Florence was especially hard hit by the Black Death. To restore the production of one of Florence’s most important exports: workers had to be brought from outside the city, who were paid well, but did not have a voice in the government. This simmering discontent, along with Florentine government’s attempts to reimpose pre-plague social structures, led to the Ciompi Revolt.
The gente nuova
The production of wool in Florence was a multi-step process that involved both skilled and unskilled workers, some of whom were represented by powerful guilds and some of whom did not have a voice in city government. Once the first wave of plague had passed, Florence was desperate to bring in revenue by increasing its production of wool and bringing that back to pre-plague levels. In order to do this, it needed more laborers, and it found them out in the countryside.
In 1346, the medieval world was experiencing a population crunch, which meant that people were grateful for any sort of work and stable income that they could find. But in the post-plague world, when laborers were suddenly in demand, this group thought that maybe they should be treated a little better.
So these laborers—who were mostly immigrants to the Florence—were able to make a decent living economically and soon rose in terms of power and status. They came to be called the gente nuova—or new people—and even though they acquired some measure of wealth, they were not able to manage any sort of presence in local government because that was a position reserved for those of aristocratic status.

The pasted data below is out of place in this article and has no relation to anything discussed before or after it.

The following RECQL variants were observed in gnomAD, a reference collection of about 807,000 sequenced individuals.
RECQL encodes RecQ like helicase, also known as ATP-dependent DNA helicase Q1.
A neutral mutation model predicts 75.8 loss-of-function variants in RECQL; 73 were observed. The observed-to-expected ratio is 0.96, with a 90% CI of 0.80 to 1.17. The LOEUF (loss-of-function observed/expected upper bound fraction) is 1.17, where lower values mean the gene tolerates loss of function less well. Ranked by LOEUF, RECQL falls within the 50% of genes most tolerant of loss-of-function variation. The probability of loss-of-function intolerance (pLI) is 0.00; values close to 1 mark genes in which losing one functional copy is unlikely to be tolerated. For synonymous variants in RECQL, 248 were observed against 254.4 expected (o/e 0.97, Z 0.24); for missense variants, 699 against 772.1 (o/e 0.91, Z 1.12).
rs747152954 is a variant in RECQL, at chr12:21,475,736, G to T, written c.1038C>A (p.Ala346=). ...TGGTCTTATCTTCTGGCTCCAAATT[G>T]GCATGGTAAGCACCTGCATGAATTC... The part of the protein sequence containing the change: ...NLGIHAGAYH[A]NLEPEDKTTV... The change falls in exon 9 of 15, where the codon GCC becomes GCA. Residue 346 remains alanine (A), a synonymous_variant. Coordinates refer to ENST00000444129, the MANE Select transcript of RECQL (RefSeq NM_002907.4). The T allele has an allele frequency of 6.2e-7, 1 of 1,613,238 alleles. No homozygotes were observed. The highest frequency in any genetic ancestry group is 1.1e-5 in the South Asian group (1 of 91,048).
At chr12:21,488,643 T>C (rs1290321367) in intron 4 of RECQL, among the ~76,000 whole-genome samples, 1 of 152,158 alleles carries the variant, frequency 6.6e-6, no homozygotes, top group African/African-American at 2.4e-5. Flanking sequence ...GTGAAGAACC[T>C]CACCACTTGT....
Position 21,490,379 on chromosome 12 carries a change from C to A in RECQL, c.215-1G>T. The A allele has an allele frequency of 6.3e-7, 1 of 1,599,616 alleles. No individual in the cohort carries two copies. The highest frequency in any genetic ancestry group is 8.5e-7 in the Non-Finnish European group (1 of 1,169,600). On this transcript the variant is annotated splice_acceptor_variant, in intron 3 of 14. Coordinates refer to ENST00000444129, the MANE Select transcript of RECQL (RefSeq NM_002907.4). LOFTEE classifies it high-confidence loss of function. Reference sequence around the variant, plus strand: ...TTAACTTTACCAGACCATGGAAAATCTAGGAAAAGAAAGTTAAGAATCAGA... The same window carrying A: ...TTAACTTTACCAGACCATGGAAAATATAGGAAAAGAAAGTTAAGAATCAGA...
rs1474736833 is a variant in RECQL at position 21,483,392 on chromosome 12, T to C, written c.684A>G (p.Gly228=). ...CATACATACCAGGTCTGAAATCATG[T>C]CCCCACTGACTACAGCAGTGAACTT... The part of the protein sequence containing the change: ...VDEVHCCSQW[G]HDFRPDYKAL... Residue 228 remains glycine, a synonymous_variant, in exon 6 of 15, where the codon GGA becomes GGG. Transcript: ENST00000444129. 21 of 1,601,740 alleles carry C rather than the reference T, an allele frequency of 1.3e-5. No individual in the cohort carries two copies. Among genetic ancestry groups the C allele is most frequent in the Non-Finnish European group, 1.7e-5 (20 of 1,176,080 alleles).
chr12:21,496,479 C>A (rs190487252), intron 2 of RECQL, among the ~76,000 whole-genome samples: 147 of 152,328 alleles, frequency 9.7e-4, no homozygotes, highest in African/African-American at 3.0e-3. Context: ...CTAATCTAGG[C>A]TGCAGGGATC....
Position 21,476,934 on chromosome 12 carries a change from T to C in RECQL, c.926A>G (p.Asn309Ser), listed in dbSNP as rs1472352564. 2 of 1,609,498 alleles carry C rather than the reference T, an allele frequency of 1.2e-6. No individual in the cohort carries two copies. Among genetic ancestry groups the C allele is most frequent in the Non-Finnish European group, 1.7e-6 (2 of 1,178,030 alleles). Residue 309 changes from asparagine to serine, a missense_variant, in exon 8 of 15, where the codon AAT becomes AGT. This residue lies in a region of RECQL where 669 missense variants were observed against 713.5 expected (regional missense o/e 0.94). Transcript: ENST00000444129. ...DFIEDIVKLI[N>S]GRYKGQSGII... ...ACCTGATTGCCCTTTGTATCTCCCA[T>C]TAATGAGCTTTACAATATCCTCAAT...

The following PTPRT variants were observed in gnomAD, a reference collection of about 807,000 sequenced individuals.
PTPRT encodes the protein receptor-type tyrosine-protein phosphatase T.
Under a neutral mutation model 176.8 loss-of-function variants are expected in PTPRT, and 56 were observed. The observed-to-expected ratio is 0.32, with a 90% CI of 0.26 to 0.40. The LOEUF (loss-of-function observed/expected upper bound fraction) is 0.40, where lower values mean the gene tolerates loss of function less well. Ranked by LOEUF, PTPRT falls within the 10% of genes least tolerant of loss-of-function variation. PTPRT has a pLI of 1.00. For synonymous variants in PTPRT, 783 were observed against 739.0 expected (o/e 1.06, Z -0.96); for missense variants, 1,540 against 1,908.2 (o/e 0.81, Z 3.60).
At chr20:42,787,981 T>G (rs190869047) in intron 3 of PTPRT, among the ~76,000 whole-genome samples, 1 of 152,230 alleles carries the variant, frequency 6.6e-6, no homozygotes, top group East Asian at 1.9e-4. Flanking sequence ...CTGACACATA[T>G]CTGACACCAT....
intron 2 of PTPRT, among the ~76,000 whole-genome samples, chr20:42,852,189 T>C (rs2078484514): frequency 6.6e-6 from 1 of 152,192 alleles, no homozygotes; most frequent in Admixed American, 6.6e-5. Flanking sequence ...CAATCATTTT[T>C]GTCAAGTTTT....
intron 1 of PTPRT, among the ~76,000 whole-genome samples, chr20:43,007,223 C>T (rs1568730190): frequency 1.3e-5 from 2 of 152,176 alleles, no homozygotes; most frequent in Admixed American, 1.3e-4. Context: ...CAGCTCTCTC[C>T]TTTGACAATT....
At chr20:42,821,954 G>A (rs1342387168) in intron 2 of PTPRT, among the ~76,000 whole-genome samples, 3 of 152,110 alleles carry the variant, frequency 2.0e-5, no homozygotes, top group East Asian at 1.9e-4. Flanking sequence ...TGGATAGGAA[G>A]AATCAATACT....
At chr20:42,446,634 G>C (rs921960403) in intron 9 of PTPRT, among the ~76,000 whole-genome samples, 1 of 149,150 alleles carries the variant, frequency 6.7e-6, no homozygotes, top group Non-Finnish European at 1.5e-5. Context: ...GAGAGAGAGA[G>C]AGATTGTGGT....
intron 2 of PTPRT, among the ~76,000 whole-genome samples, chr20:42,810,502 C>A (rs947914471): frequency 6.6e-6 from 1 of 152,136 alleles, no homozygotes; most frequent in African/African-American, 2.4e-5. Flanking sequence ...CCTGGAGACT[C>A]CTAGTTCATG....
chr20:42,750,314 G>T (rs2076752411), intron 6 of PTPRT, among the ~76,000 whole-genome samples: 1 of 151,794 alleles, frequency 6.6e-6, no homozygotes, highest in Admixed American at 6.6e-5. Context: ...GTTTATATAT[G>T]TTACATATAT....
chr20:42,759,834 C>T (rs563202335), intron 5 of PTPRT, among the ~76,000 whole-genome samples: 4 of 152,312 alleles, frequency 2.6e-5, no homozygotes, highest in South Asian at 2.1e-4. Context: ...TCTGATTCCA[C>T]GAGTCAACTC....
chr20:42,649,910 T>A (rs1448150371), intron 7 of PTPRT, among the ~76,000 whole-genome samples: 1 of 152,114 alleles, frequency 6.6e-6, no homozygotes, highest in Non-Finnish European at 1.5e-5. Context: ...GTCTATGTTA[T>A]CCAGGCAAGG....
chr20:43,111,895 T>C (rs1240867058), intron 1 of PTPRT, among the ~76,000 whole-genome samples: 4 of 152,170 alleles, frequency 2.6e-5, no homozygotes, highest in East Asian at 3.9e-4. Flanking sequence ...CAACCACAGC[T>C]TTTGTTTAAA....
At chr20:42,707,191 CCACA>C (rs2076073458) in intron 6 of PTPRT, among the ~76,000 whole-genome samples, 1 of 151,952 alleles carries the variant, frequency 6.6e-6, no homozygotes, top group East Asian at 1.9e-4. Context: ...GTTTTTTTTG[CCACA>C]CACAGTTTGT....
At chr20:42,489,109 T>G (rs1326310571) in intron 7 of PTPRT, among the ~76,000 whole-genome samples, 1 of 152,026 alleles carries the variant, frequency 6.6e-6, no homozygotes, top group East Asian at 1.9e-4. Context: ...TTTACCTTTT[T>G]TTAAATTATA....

This is a transcript from the video series The Black Death: The World’s Most Devastating Plague. Watch it now, on Wondrium.
The gente nuova were welcomed in that they provided much-needed labor and a tax base, but they became increasingly discontented, as they were taxed heavily yet had no say in the government that was levying these taxes. The gente nuova found common cause with another disgruntled faction of the citizenry—the arti minori.
The arti minori, or minor guilds, were those guilds that were considered second-tier in the political system of Florence. They had long had a contentious relationship with the arti maggiori. The arti maggiori consisted of seven powerful major guilds, and they were a major force in Florentine government, with some city officials being selected directly from their ranks.
The Ciompi Demands
So there were tensions everywhere. Within the oligarchy that was meant to govern Florence, between the arti maggiori and the arti minori, between the oligarchy and the gente nuova, and between the guilds and the ruling classes and a group known as the popolo minute—literally, the little people—all kinds of artisans whose work was essential, but did not have guild representation.
To put it simply, it was a political and economic mess, and on top of all this, those in power tried to reimpose a pre-plague governance system on those who were living and working in Florence, without really trying to adapt at all to this new reality.
In 1378, what has come to be called the Ciompi Revolt began. ‘Ciompi’ is the word that designated the wool-carders of Florence, but many, many other groups were involved in their revolt. But it started with the Ciompi demanding better representation among the civic officials of Florence.
Learn more about the transformation of economic opportunities after the plague.